As she pushed through the grasses, the tender tips brushed against her outstretched palms.  The smell of hay and honeysuckle drifted on the warm breeze, and the buzzing of insects weaved in and out of her cognition.  What was this place?  The book said nothing about where the door would lead — only that it would open where she willed it to be, which she had hoped would be home.  So again, where was she?  Even as she pondered this, she drifted closer to the trees, their dark green forms swaying slightly in the breeze, standing sentinel on the boundary of the field.  Dark shadows yawned from beneath the boughs, as gold slants of light shifted and folded into the sparse underbrush as the leaves rustled in the canopy.

A narrow path passed between the underbrush passing deeper into the darkness, passing from light to dark and back again.  She hesitated.  Where would this lead?  But even as the question lingered, the fact remained, any way she went would leave her with the same dilemma.  So she stepped upon the path and moved into the shadows.  Coolness bathed her skin, sending a brief shiver down her spine.  The canopy rustled, splashing light around her.  Dried leaves and pine needles crunched under her feet.  Sounds of running water drifted on the breeze, becoming more pronounced as she walked.  Passing around bend, her eyes spotted a small stream crossing the path, and at the juncture, some steppingstones disturbed the constant flow of the water, bending and redirecting it.  Beyond the stream, the path disappeared into a clearing, filled with yellow and white flowers, which moved slowly in the warm breezes.  She pulled up short, however, when her eyes fell upon the person squatting next to the stream.  A woman dressed in rags, with long gray hair, kept her head bowed, as she slowly washed her hands in the stream.  Her hands and arms glistened, as the blood that covered them sloughed off into the water, turning it red, as it snaked further into the woods.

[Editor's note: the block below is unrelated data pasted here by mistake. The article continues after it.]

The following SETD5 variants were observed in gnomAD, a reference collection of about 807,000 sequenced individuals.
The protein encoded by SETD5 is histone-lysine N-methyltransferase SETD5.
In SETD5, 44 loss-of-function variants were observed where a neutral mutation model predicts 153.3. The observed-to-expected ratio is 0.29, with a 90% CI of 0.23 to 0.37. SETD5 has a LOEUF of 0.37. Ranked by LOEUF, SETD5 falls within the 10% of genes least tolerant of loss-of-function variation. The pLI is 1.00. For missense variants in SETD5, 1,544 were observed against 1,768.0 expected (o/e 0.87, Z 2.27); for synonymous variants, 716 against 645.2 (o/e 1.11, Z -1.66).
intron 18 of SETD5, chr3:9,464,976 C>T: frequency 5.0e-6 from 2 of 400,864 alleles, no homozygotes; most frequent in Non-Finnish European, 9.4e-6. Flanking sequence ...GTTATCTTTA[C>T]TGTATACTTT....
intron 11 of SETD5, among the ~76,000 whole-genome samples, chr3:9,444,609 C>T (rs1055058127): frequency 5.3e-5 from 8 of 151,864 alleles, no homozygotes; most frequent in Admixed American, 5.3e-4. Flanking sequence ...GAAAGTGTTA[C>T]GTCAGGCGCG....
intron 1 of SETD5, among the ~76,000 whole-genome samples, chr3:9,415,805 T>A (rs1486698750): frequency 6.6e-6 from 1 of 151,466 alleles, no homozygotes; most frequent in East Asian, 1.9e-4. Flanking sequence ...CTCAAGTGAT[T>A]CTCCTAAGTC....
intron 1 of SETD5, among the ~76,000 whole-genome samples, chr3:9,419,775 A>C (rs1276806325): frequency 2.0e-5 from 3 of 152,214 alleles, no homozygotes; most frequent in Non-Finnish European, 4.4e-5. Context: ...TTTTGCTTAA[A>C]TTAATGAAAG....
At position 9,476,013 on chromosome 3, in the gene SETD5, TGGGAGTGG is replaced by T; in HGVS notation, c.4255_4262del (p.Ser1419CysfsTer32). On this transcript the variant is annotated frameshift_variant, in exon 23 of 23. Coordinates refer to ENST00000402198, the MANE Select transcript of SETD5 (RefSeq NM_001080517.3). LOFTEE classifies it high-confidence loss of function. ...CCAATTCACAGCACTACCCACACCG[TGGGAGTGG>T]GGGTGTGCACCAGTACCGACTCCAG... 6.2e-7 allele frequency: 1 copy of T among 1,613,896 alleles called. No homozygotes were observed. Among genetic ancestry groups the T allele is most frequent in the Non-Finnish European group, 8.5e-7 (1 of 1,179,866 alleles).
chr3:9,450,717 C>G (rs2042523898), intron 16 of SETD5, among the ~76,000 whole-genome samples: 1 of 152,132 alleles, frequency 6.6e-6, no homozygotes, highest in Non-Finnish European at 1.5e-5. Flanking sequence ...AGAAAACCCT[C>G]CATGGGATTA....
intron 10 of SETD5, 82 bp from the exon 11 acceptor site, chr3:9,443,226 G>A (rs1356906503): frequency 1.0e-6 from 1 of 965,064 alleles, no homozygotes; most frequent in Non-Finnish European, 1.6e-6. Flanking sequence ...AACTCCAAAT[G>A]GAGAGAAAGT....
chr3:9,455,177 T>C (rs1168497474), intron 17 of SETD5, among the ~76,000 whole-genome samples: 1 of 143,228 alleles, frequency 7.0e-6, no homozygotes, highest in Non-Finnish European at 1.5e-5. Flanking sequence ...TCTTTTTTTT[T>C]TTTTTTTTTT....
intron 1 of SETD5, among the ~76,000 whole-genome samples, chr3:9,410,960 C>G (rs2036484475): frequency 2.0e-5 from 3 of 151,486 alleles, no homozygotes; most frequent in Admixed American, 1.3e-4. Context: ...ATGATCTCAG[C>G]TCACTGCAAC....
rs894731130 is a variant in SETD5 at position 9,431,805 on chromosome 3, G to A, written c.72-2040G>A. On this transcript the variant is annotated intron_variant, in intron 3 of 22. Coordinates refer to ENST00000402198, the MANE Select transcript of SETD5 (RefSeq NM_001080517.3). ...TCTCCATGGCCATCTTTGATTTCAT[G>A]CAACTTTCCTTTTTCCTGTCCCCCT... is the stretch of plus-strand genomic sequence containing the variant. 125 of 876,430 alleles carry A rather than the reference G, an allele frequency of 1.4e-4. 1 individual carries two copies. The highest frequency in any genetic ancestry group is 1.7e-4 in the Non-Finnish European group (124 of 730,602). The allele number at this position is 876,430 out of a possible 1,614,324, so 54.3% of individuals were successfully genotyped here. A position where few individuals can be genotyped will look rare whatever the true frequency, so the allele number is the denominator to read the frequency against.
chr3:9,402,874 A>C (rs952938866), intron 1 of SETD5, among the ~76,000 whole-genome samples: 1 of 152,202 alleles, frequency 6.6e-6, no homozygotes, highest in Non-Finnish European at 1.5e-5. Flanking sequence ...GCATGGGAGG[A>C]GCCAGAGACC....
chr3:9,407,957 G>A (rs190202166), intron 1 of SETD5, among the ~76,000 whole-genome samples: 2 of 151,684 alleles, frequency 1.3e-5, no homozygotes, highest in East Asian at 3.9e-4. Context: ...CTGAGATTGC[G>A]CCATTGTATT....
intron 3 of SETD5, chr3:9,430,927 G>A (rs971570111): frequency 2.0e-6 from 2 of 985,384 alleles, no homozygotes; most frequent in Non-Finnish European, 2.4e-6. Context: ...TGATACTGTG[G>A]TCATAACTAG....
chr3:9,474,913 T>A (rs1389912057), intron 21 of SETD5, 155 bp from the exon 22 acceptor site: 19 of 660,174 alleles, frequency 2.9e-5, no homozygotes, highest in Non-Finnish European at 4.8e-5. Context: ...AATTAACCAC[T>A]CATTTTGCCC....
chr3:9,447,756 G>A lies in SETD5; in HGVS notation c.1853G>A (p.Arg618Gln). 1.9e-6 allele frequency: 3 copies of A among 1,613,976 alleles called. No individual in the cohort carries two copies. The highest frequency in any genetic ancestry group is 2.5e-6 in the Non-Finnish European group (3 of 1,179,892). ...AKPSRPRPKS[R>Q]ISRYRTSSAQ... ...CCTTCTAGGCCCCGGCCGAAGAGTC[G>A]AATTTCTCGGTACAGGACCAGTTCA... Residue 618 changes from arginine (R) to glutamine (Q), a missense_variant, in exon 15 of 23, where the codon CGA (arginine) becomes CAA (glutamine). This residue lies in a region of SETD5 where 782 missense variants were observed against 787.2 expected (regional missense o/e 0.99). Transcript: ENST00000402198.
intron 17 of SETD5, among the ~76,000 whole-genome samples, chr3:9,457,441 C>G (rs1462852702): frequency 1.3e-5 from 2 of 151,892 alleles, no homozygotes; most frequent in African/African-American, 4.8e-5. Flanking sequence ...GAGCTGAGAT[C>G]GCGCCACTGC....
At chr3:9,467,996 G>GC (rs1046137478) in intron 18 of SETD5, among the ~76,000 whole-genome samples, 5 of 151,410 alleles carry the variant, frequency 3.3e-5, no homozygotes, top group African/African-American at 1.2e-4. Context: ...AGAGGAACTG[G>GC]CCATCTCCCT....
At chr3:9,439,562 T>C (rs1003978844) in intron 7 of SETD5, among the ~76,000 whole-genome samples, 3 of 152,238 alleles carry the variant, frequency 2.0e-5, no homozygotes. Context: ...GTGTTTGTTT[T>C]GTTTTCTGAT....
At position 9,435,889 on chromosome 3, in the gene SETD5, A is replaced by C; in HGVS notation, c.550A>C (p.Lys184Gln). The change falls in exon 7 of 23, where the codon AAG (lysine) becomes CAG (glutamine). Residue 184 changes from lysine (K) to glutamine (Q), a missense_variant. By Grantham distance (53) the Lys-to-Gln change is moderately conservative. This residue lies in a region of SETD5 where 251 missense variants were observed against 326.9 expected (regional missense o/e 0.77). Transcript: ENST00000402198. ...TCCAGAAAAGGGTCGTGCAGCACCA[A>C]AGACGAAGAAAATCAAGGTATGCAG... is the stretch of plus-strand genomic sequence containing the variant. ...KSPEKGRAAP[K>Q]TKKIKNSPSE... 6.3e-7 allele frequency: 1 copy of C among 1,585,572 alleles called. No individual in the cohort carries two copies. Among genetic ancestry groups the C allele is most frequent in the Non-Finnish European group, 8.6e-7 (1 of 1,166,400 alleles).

Arianna gasped.  The woman looked up slowly, her deep-set, reddened eyes studied the young woman, before speaking.   “Why have you come back?” the woman demanded, “Haven’t you done enough?”

“I’ve done nothing,” Arianna protested.  “I’ve just arrived here.”

“LIAR,” the woman shrieked, pointing a bony finger at her.  “I saw you yesterday, with that man.  You came to the village, said you would help, but then you did this,” she said holding up her bloodied hands.  “Have you no mercy?”

“I don’t understand — I’m alone, and I’ve never been here before.  What do you say I’ve done?”